The Maze/Spring/2019

Building the Metal Detecting Sensor

Author/s: Alonso Quintero
Verification: Steven Charles Tan (Project Manager)
Approval: Steven Charles Tan (Project Manager)

Introduction

The metal detecting Sensor is a simple circuit that does an important task. The sensor is made up of a coil that acts as an inductor, a diode and a capacitor. The coils produce an Electro-Magnetic Field and when metal comes in proximity, it disturbs the field sending a signal.

First Iterations

Initially the metal detector was bread boarded with only one coil just to confirm the fluctuations in the voltage when it came in proximity with metal. Once the coil was confirmed to detect metal, two coils were now prototyped as seen in the figure below. Finally, after learning the two coils can work at the same time and not interfere with each other, the PCB was created.

PCB design and various iterations

EagleCAD came in great use in the designing of the metal detecting sensor shield. The 3DoT IR-shield was used as the initial template for this sensor shield. In order to create the spiral traces for the induction coils, the arc tool was used to make the concentric spirals. A grid layout of 10 mils was used in order to allow a maximum number of spirals per coil as well as a two-layer PCB in order to have a two coils on top of each other. Each spiral has a diameter of about an inch. Initially the coils were made with a space of about 25.4mm between the two coils. The wide spacing, however was found to be an issue when it came to line following as the copper tape is only 12.7mm and the robot would have to veer too far off center before it began to read the metal. The coild were then modified to have a 12.7mm spacing between the coils in order to accommodate the copper tape a little better and detect it sooner. Now the robot does not veer to far off before correcting itself.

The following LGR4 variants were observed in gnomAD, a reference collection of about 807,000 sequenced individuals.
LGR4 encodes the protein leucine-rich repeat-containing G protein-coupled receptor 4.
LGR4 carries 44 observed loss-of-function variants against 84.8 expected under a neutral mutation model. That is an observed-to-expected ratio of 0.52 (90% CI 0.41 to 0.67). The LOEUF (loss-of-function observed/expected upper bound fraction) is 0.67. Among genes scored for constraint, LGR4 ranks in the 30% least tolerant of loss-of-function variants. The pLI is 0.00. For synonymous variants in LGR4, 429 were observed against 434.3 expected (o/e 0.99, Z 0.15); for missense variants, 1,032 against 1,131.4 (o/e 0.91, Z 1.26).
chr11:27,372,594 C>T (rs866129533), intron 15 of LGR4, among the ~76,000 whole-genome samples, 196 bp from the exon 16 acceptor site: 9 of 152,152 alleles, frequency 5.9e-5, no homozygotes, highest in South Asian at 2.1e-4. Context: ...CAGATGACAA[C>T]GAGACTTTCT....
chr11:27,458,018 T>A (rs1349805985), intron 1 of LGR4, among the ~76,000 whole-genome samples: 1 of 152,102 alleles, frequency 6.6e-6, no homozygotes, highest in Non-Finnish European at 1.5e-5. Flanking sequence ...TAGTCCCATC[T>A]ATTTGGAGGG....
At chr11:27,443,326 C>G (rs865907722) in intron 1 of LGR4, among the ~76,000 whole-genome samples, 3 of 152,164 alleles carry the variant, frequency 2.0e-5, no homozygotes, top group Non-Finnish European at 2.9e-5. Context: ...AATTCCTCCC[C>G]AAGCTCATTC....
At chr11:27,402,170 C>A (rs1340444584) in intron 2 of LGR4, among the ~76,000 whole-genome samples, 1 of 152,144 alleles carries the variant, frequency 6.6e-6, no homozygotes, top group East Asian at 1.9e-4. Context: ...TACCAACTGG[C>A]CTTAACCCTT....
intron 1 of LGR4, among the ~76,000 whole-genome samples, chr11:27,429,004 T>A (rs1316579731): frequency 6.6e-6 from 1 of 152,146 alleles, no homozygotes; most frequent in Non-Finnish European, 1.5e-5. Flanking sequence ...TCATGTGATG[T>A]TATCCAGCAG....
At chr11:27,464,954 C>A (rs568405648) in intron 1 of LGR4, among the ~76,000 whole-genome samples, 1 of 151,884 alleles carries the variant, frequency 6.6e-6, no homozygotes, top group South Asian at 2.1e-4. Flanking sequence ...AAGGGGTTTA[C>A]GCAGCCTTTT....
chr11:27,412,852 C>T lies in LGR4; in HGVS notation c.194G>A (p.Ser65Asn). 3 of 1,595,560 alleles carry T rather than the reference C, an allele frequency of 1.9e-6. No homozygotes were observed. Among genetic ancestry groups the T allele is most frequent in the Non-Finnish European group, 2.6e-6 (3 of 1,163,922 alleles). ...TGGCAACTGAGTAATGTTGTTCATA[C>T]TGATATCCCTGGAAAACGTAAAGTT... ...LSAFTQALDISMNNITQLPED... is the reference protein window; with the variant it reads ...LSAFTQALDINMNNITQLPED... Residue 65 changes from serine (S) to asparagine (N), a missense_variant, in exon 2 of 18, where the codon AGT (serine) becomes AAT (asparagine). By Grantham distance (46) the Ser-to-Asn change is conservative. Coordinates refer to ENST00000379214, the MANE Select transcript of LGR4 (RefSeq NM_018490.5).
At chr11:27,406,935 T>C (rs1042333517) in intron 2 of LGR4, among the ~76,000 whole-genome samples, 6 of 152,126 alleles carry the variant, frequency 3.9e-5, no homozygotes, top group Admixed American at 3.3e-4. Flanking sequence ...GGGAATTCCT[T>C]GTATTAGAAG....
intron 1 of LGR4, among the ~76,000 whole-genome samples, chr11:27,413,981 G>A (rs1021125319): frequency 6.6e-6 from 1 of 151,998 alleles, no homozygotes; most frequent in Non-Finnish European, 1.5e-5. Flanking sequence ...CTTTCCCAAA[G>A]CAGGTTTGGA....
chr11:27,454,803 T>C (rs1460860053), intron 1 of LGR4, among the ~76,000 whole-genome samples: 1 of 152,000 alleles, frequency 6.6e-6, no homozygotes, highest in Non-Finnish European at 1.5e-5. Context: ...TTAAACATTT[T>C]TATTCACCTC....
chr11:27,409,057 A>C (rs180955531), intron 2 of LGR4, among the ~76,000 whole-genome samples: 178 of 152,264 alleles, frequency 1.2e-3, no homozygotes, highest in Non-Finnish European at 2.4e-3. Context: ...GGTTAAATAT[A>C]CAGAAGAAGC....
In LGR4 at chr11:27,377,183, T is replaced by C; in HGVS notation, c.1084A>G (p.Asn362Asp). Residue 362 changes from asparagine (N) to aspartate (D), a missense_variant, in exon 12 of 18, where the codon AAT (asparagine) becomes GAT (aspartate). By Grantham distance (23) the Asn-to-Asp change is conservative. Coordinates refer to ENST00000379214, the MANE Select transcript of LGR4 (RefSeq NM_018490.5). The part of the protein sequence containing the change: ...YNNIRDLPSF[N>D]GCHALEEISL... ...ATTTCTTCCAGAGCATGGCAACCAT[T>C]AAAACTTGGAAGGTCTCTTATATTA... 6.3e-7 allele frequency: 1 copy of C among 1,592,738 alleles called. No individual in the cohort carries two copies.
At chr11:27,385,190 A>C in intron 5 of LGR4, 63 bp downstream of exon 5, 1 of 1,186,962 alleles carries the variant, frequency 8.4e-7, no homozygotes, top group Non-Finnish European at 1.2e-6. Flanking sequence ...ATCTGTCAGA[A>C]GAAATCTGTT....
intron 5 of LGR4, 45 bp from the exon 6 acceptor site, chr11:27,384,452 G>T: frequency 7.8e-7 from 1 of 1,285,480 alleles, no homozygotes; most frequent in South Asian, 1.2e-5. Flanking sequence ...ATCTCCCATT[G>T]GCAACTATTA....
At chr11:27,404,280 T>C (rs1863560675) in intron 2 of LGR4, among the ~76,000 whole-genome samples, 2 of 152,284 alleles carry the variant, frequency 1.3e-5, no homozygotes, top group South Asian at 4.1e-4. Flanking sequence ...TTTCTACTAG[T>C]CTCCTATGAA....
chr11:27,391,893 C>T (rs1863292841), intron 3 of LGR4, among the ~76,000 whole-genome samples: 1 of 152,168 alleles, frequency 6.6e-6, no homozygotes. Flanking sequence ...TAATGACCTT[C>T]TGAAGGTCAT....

Dual Coil Schematic


Dual Coil Board Layout

Understanding the Metal Sensor

In order to understand how the sensor was behaving and how to interpret the changes in voltage, the different parts of the sensor had to be tested. The sensor was tested by sending pulses to the sensor. The figure below shows the various phases the different parts of the sensor go through as we send pulses in. through this it was discovered that the inductor saturates after 100 pulses with a 20us period and a 50% duty cycle. Then the energy is bounced between the inductor and the capacitor, allowing for a reading in a change in the magnetic field of the inductor, or coils.

Dual Coil PCB


Dual Coil PCB with components


PCB Current test


Voltage Input (Top) vs. Voltage Output (Bottom)

Conclusion

The Dual Coil Pulse Induction Metal Detector Sensor can successfully detect metal. From our experiments the sensor-shield is only effective if the conductive material as at most 1 cm below or above the center of the PCB coil, and the closer the material the higher change in output voltage. To improve on later designs the traced coils needs to be closer to one another, an addition of more layers, and a MOSFET needs to be integrated with the design to improve its’ range and increase the range of voltage of the output.